This Common Core Worksheet Is Confusing The Hell Out Of Parents

by Maria Guido
Originally Published: 

Can you look at this math worksheet and figure out why the answers were marked “incorrect”?

The image has been viewed over three million times in the last week, and the response has been overwhelmingly… “What?”

Okay, first question: 5×3 does equal 15, so what the hell? My tiny, unCommon-Core trained brain looks at this equation and says, five, three times. Apparently my brain is supposed to be saying, five times three, you idiot. Three… five times. The problem is, as an idiot parent who hates math, I can’t logically figure out why it makes a fucking difference whether it’s five, three times or three, five times — because you will come up with the same answer, every time. What the hell, math?

Common Core is making me feel like an idiot – and I fully admit and recognize it’s why I’m pushing back against it. If it somehow magically makes my child better at math, I will STFU.

But it’s not just math. I never thought I would have a problem explaining basic shapes to a kindergartener. I did. My son came home with shape recognition homework, and I was stumped. By a kindergartener’s homework. It was not my proudest moment. Here’s the worksheet:

Image via Maria Guido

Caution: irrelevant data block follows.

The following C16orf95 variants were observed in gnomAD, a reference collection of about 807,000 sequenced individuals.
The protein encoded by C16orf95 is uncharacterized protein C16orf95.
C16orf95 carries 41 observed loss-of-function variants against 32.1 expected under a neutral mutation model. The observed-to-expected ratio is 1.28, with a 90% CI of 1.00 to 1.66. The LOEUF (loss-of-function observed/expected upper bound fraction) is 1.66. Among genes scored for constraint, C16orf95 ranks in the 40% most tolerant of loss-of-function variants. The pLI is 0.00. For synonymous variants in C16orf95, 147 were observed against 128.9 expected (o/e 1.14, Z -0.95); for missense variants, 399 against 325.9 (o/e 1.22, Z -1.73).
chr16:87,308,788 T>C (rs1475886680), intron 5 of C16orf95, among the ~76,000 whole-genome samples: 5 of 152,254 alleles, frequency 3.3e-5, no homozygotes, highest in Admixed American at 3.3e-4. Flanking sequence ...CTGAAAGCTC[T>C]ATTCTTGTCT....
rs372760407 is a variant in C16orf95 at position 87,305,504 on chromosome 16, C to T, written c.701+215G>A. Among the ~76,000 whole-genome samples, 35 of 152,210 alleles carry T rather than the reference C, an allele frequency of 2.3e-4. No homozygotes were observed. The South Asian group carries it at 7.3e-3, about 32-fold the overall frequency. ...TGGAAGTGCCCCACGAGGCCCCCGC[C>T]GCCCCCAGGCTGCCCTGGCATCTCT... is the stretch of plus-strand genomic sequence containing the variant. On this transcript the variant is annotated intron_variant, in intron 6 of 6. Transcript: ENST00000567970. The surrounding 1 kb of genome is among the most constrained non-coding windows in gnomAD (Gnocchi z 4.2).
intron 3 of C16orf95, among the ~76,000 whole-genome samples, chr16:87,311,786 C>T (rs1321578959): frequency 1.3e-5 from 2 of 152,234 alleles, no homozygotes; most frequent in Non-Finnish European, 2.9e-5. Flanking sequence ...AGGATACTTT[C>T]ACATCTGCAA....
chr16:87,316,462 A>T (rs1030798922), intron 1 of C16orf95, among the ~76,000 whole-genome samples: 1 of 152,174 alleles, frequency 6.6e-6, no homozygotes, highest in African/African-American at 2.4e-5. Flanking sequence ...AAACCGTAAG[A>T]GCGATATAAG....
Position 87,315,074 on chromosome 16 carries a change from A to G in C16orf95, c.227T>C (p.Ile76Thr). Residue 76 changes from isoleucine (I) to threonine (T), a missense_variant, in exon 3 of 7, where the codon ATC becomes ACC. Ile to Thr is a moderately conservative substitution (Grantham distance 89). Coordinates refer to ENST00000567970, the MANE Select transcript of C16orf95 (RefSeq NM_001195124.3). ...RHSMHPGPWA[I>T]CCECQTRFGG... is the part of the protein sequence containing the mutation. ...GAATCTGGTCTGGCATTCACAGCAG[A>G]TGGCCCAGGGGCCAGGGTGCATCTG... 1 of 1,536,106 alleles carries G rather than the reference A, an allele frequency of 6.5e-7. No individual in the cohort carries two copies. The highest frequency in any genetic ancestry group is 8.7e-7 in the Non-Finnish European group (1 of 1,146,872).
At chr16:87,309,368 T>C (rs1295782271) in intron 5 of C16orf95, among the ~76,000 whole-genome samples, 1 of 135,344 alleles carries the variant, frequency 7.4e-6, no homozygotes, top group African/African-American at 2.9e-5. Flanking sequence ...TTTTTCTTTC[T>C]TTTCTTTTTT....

First and second rows: No problem. Got it. Triangles and cylinders — woot!

Third row: Hmm. One has a face, so that’s definitely different. But one is not a whole circle, so probably that one is different, right? It’s a shape exercise, so I should probably just be teaching my kid to avoid the distracting face.

Fourth row: Two are squares, so maybe the rectangle is different? The rectangle is also three dimensional, so that’s different. But the last square is the only one that doesn’t have hard edges, so maybe that’s dif— OH, F#&@!

Fifth row: I need a drink.

I fully admit that I am a person who has been out of school for a very long time, and was hoping to just teach my kid what I learned: if it looks like a square it’s a square. Memorize your multiplication tables. No one told me there would be math involved in this whole parenting, thing. My Greek immigrant mother learned to read English when my older sister learned — there was no way she was helping me with math. And she wasn’t expected to. Maybe the lesson in all of this is that we should just take a backseat and let our kids learn the way they are being taught?

Ugh, don’t quote me on that. I really don’t know the answer to the Common Core problem, or if it’s even a problem at all. I’d just like to be able to complete a kindergartener’s homework with some confidence that my answers are right.

Be right back — I’m going to go study my 4-year-old’s dittos.

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